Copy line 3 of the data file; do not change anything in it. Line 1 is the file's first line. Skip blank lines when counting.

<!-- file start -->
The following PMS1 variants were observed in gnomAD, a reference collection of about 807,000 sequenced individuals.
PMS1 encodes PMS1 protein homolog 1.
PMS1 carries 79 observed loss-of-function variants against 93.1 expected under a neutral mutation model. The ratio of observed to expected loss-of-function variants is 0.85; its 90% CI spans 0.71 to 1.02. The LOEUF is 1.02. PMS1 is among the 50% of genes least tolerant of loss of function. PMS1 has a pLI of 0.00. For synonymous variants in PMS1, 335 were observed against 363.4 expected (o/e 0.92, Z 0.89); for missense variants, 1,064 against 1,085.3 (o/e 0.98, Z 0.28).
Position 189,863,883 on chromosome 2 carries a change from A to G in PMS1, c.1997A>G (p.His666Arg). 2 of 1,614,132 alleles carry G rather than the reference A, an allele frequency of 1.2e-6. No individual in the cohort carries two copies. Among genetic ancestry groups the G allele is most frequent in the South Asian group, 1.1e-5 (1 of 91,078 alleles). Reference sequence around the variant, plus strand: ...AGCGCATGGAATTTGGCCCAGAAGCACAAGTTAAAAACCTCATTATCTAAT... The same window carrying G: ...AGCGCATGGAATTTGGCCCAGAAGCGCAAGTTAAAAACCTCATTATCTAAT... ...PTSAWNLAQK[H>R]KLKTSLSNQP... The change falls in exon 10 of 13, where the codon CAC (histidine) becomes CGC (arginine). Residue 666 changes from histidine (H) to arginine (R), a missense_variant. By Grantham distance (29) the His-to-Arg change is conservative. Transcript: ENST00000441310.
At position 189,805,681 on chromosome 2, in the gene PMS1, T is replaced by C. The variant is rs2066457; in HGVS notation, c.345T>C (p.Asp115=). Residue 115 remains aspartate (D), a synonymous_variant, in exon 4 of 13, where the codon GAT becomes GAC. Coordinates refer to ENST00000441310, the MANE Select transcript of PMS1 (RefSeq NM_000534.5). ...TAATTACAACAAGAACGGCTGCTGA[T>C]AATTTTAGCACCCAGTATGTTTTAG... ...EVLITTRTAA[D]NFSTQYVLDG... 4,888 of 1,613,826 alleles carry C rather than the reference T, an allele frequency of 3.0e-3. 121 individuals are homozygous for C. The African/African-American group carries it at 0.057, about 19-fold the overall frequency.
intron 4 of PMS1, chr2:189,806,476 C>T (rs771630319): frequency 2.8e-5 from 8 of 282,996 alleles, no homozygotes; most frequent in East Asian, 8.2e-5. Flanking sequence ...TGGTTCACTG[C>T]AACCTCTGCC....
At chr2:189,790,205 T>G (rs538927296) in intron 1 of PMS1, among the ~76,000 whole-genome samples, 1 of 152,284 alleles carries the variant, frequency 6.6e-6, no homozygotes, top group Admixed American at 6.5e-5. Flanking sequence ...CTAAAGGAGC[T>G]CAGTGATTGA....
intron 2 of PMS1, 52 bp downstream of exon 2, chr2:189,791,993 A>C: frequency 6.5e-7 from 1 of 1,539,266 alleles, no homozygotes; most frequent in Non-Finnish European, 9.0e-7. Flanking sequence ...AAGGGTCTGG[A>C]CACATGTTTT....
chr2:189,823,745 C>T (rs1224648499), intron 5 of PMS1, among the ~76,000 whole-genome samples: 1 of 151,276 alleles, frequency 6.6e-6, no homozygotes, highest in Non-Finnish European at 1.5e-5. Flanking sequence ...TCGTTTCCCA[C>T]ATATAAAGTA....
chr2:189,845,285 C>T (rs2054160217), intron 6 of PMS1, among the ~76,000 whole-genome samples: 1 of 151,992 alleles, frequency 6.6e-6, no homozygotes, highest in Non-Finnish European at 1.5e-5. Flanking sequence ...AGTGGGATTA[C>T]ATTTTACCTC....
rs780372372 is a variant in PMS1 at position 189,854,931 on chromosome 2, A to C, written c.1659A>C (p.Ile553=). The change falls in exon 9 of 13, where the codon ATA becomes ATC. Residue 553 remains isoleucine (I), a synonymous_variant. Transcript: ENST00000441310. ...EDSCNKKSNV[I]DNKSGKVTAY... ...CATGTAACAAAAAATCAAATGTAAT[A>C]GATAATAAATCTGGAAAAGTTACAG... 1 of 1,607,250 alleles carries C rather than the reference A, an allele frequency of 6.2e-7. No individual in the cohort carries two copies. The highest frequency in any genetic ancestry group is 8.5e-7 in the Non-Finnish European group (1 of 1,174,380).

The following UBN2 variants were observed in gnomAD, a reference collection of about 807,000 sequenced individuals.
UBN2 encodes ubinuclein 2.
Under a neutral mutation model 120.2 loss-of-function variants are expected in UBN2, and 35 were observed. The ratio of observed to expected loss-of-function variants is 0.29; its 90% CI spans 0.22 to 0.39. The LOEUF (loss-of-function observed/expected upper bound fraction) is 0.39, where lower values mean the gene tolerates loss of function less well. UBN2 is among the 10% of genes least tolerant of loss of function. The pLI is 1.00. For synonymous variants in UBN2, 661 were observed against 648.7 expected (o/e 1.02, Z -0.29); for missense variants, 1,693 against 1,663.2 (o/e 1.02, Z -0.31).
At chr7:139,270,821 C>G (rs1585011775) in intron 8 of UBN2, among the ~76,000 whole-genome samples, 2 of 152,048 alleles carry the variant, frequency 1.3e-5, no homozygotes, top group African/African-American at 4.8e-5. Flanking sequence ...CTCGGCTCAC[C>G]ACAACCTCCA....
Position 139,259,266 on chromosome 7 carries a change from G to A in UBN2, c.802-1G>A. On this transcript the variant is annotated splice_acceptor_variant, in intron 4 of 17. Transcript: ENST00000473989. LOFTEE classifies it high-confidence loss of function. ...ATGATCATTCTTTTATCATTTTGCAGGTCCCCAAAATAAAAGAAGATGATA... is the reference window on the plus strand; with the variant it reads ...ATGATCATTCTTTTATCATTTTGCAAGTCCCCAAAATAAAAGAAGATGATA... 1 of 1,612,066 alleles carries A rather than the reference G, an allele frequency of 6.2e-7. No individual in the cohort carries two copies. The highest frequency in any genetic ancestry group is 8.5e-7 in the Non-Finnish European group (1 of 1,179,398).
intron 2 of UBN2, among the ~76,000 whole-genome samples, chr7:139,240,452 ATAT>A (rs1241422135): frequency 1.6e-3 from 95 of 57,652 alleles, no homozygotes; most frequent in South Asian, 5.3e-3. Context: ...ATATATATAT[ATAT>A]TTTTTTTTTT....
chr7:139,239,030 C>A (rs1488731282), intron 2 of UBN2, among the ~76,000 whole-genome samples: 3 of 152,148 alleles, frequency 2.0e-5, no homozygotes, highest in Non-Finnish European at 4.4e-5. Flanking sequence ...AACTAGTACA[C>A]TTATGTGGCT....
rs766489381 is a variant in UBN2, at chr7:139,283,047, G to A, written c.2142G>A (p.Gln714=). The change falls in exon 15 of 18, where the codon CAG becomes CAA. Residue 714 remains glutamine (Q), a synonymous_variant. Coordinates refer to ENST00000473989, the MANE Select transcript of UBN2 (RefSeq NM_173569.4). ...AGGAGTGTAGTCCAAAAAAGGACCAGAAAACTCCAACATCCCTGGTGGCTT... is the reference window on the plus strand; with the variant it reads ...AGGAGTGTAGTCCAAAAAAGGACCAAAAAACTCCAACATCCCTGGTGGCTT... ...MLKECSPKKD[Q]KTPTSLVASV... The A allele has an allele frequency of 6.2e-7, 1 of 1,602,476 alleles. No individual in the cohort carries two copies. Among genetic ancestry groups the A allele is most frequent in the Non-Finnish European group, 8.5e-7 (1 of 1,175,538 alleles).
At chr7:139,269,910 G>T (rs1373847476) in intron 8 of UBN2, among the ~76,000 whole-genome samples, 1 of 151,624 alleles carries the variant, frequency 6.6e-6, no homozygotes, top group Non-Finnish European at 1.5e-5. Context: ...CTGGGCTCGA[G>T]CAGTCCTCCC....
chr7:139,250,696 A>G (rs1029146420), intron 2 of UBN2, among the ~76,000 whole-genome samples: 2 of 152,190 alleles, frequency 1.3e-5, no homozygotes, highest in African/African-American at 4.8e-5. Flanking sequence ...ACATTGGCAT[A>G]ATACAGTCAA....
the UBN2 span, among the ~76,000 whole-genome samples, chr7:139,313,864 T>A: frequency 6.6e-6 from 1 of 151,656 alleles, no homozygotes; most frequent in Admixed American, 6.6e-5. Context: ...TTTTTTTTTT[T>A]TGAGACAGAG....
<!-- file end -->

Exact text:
PMS1 carries 79 observed loss-of-function variants against 93.1 expected under a neutral mutation model. The ratio of observed to expected loss-of-function variants is 0.85; its 90% CI spans 0.71 to 1.02. The LOEUF is 1.02. PMS1 is among the 50% of genes least tolerant of loss of function. PMS1 has a pLI of 0.00. For synonymous variants in PMS1, 335 were observed against 363.4 expected (o/e 0.92, Z 0.89); for missense variants, 1,064 against 1,085.3 (o/e 0.98, Z 0.28).